India’s residential rooftop solar potential estimated at 637 GW

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Over 250 million households across India have the technical potential to deploy 637 GW of solar energy capacity on rooftops, according to a new independent report by the Council on Energy, Environment and Water (CEEW) released today. The report authors also found that rural areas have a higher technical rooftop potential of 363 GW than urban areas (274 GW) considering the residential rooftop area. Further, residential willingness to install rooftop solar systems is the highest in Gujarat at 13%, while the national average is 5%.

The report stated that deploying just one-third of the 637 GW solar potential could meet the residential sector’s entire electricity demand of 310 TWh.

The overall technical potential reduces to one-fifth (118 GW) after factoring in the current electricity consumption of households. “Most residential consumers fall into low-consumption slabs and solar may not be economically feasible for them without financial support even though it is technically possible,” states the report.

The potential reduces further to 11 GW when no capital subsidy is considered. “The payback period for rooftop solar is restricted to five years and we factor in consumers’ willingness to buy rooftop solar,” explained the report authors.

However, with the Ministry of New and Renewable Energy’s capital subsidy, the report authors have assessed the potential increasing to 32 GW as the subsidy makes the solar systems feasible for more consumers.

Currently, India has installed 11 GW of rooftop solar capacity, of which only 2.7 GW is in the residential sector.

The CEEW report, supported by Bloomberg Philanthropies, did a bottom-up analysis across 21 Indian states that cover 97% of the country’s population. It found that 60% of the residential rooftop potential is concentrated in just seven states — Uttar Pradesh, Maharashtra, West Bengal, Odisha, Rajasthan, Andhra Pradesh, and Tamil Nadu.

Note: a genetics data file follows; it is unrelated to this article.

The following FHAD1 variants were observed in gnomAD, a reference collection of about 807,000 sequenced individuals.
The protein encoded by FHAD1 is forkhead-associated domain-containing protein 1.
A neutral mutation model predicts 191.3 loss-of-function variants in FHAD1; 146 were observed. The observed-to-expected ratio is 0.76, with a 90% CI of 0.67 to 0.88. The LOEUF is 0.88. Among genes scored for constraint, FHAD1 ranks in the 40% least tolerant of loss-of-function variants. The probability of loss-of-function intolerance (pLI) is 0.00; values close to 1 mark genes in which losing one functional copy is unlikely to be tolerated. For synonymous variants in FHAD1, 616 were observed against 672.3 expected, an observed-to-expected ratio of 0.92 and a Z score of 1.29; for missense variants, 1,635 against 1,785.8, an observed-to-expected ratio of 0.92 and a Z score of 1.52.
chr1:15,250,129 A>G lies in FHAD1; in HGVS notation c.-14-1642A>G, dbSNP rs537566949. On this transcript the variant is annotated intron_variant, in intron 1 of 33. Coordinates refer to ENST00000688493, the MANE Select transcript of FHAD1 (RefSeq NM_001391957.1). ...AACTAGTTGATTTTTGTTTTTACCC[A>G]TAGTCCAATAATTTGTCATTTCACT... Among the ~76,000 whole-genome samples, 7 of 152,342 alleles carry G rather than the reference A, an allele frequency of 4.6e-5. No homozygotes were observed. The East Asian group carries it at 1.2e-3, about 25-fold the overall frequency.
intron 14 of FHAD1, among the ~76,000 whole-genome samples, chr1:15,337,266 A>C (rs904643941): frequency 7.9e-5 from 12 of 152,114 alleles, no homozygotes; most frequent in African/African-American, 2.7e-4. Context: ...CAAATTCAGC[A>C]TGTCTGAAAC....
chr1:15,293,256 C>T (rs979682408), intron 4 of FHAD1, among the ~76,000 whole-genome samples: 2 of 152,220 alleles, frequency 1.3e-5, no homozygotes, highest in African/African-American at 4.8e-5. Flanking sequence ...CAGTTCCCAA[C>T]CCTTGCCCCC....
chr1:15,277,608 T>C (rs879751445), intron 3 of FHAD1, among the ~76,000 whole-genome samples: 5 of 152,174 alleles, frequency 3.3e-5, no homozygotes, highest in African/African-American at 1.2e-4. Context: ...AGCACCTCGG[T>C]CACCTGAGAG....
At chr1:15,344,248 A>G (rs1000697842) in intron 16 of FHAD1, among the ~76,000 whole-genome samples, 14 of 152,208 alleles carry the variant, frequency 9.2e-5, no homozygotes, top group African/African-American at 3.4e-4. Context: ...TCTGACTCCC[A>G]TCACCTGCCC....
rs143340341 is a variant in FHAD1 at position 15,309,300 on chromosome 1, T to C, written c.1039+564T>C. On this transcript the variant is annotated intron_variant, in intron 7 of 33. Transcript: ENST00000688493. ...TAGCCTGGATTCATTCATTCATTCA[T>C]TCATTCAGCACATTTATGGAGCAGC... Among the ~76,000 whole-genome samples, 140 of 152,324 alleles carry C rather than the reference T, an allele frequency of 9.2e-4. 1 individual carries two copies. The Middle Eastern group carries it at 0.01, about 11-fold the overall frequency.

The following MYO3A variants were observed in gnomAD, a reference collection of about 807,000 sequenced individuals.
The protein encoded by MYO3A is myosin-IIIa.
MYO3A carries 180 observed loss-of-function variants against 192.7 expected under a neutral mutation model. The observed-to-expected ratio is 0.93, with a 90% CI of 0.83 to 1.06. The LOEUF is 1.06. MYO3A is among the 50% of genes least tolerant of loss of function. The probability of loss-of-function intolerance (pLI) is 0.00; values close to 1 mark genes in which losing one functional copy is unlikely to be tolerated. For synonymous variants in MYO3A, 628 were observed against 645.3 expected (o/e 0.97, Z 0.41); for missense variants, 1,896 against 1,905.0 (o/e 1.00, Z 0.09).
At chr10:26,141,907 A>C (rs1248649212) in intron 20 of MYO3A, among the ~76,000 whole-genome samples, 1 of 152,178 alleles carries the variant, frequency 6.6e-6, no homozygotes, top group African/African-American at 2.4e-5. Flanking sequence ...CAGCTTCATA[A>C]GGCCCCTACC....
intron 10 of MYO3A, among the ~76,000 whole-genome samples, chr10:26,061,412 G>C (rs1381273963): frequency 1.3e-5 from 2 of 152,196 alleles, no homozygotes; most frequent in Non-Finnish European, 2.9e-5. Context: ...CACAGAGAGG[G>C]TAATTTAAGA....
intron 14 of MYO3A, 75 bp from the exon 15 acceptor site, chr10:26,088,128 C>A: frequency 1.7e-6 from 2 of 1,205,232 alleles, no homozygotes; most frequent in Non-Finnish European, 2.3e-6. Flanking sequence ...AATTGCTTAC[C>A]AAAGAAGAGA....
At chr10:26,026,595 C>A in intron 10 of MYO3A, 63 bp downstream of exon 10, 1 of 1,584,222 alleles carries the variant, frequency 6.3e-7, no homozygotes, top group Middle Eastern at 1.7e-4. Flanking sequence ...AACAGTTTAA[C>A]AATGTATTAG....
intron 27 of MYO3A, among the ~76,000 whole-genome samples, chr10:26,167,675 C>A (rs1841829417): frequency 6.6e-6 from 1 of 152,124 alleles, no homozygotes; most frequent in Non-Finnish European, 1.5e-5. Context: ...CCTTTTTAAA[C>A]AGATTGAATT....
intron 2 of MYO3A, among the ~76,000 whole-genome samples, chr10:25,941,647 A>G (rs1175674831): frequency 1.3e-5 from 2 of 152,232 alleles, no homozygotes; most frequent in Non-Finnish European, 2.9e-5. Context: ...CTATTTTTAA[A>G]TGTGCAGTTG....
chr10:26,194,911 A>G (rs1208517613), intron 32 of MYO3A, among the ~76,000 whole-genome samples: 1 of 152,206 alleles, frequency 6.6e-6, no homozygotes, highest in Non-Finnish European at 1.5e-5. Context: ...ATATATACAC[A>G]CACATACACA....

Lalit Bohra, joint secretary, MNRE, said, “Accelerating the adoption of rooftop solar is crucial to decarbonize the economy and help India achieve its net zero goal by 2070. MNRE has been actively promoting the rooftop solar sector through its strategic interventions. The recently announced distributed RPO obligation will accelerate demand generation in the rooftop sector. The National Dialogue on Rooftop Solar by CEEW and the launch of its report on the potential are timely interventions to build a common consensus among stakeholders towards making rooftop solar central to India’s energy transition.”

India’s rooftop solar potential is spread geographically across states in contrast to other renewable technologies such as utility-scale solar and wind projects, and could be critical to meeting the energy transition ambitions of states.

 

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